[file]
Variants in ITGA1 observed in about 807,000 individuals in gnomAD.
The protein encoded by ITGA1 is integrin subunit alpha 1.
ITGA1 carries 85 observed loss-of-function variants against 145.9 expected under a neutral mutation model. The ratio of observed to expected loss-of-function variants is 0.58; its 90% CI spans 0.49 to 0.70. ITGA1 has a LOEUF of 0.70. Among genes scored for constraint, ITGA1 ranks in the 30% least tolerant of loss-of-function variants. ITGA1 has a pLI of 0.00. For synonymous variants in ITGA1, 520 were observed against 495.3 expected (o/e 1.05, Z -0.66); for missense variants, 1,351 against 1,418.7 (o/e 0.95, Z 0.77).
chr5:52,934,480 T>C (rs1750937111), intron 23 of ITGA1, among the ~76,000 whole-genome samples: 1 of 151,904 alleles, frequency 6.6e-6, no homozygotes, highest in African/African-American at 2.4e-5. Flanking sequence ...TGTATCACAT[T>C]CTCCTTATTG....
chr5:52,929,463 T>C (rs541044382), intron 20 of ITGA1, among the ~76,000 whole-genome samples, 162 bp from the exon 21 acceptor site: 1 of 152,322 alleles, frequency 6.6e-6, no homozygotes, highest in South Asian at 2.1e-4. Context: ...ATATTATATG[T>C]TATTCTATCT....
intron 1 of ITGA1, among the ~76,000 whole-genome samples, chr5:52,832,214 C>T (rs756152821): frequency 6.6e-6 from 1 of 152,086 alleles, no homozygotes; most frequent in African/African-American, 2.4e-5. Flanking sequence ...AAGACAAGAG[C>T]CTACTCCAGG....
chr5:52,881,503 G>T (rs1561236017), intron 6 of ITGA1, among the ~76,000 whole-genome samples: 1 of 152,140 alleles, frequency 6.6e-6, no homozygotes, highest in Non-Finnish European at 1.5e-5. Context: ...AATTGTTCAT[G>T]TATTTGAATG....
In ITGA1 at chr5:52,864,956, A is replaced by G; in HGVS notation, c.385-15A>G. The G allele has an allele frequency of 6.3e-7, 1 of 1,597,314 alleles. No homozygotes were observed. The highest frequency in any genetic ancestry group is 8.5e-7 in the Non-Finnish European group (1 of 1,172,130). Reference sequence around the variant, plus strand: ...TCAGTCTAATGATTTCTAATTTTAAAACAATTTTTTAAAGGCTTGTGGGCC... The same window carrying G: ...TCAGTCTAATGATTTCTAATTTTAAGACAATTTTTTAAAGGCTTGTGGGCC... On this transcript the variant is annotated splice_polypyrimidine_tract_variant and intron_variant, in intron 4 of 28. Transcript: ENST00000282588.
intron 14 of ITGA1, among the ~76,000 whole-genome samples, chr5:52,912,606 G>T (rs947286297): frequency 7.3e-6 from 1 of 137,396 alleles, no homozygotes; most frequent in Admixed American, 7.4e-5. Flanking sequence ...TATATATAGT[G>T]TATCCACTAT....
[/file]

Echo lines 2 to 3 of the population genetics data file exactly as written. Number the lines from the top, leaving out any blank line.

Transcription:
The protein encoded by ITGA1 is integrin subunit alpha 1.
ITGA1 carries 85 observed loss-of-function variants against 145.9 expected under a neutral mutation model. The ratio of observed to expected loss-of-function variants is 0.58; its 90% CI spans 0.49 to 0.70. ITGA1 has a LOEUF of 0.70. Among genes scored for constraint, ITGA1 ranks in the 30% least tolerant of loss-of-function variants. ITGA1 has a pLI of 0.00. For synonymous variants in ITGA1, 520 were observed against 495.3 expected (o/e 1.05, Z -0.66); for missense variants, 1,351 against 1,418.7 (o/e 0.95, Z 0.77).